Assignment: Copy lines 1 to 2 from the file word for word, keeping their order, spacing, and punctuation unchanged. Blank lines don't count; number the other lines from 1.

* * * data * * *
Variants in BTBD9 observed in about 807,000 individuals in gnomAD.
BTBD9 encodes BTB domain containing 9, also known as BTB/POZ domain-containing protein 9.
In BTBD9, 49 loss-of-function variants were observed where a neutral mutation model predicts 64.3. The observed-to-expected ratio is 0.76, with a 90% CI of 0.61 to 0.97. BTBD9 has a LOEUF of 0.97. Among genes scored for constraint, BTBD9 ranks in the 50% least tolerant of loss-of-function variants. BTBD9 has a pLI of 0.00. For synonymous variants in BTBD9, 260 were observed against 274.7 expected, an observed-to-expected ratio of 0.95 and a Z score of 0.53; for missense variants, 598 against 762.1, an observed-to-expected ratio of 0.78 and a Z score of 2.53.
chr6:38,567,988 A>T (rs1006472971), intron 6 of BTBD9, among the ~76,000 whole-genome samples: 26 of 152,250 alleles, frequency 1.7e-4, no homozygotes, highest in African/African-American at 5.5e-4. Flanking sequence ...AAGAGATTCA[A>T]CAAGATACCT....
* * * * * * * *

Variants in BTBD9 observed in about 807,000 individuals in gnomAD.
BTBD9 encodes BTB domain containing 9, also known as BTB/POZ domain-containing protein 9.